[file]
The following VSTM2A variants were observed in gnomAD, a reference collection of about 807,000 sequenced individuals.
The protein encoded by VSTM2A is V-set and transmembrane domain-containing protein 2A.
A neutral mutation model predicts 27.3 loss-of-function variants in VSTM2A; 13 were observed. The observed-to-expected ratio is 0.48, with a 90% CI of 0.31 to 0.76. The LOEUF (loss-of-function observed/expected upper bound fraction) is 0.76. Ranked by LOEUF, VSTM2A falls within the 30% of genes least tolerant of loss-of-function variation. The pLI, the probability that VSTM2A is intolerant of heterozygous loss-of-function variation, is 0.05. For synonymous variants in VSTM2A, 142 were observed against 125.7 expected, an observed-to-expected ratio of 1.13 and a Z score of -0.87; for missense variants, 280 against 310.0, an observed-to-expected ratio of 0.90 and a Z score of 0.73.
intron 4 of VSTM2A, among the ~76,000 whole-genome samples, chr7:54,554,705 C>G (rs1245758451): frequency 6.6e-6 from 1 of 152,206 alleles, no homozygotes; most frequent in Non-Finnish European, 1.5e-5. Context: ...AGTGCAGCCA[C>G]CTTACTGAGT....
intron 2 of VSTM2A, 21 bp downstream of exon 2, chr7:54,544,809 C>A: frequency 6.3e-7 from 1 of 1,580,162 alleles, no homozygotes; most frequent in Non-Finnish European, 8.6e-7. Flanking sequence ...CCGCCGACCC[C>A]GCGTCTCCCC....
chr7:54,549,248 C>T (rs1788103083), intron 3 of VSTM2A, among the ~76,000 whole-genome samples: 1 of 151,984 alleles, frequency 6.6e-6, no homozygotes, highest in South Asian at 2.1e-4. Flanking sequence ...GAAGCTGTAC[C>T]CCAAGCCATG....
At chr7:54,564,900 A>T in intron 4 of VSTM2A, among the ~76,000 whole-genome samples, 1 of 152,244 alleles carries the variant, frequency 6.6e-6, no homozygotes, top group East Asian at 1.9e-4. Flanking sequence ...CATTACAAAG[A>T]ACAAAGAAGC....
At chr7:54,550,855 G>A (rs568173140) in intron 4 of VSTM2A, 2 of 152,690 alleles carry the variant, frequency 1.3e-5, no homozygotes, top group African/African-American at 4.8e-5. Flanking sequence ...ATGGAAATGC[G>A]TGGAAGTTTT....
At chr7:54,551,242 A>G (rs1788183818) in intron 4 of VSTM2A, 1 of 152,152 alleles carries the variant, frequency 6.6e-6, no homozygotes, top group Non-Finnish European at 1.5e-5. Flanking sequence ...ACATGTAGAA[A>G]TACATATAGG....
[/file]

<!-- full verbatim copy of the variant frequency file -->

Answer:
The following VSTM2A variants were observed in gnomAD, a reference collection of about 807,000 sequenced individuals.
The protein encoded by VSTM2A is V-set and transmembrane domain-containing protein 2A.
A neutral mutation model predicts 27.3 loss-of-function variants in VSTM2A; 13 were observed. The observed-to-expected ratio is 0.48, with a 90% CI of 0.31 to 0.76. The LOEUF (loss-of-function observed/expected upper bound fraction) is 0.76. Ranked by LOEUF, VSTM2A falls within the 30% of genes least tolerant of loss-of-function variation. The pLI, the probability that VSTM2A is intolerant of heterozygous loss-of-function variation, is 0.05. For synonymous variants in VSTM2A, 142 were observed against 125.7 expected, an observed-to-expected ratio of 1.13 and a Z score of -0.87; for missense variants, 280 against 310.0, an observed-to-expected ratio of 0.90 and a Z score of 0.73.
intron 4 of VSTM2A, among the ~76,000 whole-genome samples, chr7:54,554,705 C>G (rs1245758451): frequency 6.6e-6 from 1 of 152,206 alleles, no homozygotes; most frequent in Non-Finnish European, 1.5e-5. Context: ...AGTGCAGCCA[C>G]CTTACTGAGT....
intron 2 of VSTM2A, 21 bp downstream of exon 2, chr7:54,544,809 C>A: frequency 6.3e-7 from 1 of 1,580,162 alleles, no homozygotes; most frequent in Non-Finnish European, 8.6e-7. Flanking sequence ...CCGCCGACCC[C>A]GCGTCTCCCC....
chr7:54,549,248 C>T (rs1788103083), intron 3 of VSTM2A, among the ~76,000 whole-genome samples: 1 of 151,984 alleles, frequency 6.6e-6, no homozygotes, highest in South Asian at 2.1e-4. Flanking sequence ...GAAGCTGTAC[C>T]CCAAGCCATG....
At chr7:54,564,900 A>T in intron 4 of VSTM2A, among the ~76,000 whole-genome samples, 1 of 152,244 alleles carries the variant, frequency 6.6e-6, no homozygotes, top group East Asian at 1.9e-4. Flanking sequence ...CATTACAAAG[A>T]ACAAAGAAGC....
At chr7:54,550,855 G>A (rs568173140) in intron 4 of VSTM2A, 2 of 152,690 alleles carry the variant, frequency 1.3e-5, no homozygotes, top group African/African-American at 4.8e-5. Flanking sequence ...ATGGAAATGC[G>A]TGGAAGTTTT....
At chr7:54,551,242 A>G (rs1788183818) in intron 4 of VSTM2A, 1 of 152,152 alleles carries the variant, frequency 6.6e-6, no homozygotes, top group Non-Finnish European at 1.5e-5. Flanking sequence ...ACATGTAGAA[A>G]TACATATAGG....